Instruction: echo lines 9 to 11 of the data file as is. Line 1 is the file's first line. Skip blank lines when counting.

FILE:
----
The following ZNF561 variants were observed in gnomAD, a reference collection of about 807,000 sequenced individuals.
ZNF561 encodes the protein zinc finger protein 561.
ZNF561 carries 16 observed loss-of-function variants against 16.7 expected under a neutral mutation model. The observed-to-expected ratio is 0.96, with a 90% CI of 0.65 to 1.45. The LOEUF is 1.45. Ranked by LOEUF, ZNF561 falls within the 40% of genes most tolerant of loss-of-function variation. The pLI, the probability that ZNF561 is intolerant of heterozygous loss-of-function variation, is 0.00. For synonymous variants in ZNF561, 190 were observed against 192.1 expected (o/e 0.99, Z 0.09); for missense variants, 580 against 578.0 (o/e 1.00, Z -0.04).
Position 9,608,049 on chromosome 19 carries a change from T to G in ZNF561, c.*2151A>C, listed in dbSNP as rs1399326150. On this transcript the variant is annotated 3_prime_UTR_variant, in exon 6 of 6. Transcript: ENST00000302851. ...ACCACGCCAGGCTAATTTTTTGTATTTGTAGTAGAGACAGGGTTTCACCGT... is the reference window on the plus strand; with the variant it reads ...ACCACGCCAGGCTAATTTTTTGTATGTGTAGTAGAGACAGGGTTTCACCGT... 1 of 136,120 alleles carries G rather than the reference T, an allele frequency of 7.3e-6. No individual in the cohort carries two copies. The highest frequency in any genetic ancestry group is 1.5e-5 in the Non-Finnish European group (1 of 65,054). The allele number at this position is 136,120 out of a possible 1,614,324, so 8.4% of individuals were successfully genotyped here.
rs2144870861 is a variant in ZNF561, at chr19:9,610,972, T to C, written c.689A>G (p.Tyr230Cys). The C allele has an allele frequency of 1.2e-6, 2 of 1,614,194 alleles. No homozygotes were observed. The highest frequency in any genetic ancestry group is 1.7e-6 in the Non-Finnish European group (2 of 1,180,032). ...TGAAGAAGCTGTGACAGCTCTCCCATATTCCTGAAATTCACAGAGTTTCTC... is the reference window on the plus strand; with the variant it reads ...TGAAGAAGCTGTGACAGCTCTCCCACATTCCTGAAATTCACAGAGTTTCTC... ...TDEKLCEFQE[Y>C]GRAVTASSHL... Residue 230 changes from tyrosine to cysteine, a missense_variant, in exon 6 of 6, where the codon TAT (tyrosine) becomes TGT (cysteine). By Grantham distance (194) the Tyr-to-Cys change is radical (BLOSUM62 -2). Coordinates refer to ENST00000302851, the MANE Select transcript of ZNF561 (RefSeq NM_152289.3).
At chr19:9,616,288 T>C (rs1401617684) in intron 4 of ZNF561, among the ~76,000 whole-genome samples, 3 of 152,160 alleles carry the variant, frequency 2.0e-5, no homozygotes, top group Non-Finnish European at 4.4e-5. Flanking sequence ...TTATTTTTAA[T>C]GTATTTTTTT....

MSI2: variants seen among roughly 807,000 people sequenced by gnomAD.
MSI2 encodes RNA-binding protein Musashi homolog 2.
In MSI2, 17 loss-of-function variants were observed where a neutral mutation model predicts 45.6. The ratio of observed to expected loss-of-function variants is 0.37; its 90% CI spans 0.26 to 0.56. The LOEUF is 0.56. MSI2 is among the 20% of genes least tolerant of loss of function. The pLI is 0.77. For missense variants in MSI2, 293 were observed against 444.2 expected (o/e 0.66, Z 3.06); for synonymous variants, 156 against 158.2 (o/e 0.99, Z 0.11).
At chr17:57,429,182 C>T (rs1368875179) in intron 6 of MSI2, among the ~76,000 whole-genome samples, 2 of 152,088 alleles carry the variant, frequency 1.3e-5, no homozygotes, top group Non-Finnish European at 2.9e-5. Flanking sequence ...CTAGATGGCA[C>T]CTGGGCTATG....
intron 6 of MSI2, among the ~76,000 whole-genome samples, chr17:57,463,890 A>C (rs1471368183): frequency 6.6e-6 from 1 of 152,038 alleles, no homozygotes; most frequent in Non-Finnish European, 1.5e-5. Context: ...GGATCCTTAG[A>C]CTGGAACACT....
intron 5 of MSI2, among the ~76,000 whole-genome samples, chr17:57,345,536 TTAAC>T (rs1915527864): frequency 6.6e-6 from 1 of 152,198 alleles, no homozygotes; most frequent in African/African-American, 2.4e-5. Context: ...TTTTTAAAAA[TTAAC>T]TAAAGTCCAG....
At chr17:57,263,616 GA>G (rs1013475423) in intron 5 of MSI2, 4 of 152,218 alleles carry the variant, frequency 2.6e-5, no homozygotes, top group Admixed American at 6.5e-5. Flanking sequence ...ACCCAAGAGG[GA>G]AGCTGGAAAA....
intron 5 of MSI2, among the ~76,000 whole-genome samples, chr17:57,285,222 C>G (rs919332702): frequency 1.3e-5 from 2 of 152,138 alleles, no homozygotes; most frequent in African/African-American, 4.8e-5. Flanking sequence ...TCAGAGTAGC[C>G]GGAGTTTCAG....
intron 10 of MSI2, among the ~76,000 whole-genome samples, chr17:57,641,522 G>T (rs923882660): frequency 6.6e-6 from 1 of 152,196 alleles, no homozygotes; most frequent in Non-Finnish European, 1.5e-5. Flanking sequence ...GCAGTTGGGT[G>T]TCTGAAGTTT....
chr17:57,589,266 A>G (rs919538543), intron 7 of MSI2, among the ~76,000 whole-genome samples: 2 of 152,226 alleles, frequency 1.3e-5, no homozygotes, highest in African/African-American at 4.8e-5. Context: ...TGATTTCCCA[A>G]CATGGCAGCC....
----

In MSI2, 17 loss-of-function variants were observed where a neutral mutation model predicts 45.6. The ratio of observed to expected loss-of-function variants is 0.37; its 90% CI spans 0.26 to 0.56. The LOEUF is 0.56. MSI2 is among the 20% of genes least tolerant of loss of function. The pLI is 0.77. For missense variants in MSI2, 293 were observed against 444.2 expected (o/e 0.66, Z 3.06); for synonymous variants, 156 against 158.2 (o/e 0.99, Z 0.11).
At chr17:57,429,182 C>T (rs1368875179) in intron 6 of MSI2, among the ~76,000 whole-genome samples, 2 of 152,088 alleles carry the variant, frequency 1.3e-5, no homozygotes, top group Non-Finnish European at 2.9e-5. Flanking sequence ...CTAGATGGCA[C>T]CTGGGCTATG....
intron 6 of MSI2, among the ~76,000 whole-genome samples, chr17:57,463,890 A>C (rs1471368183): frequency 6.6e-6 from 1 of 152,038 alleles, no homozygotes; most frequent in Non-Finnish European, 1.5e-5. Context: ...GGATCCTTAG[A>C]CTGGAACACT....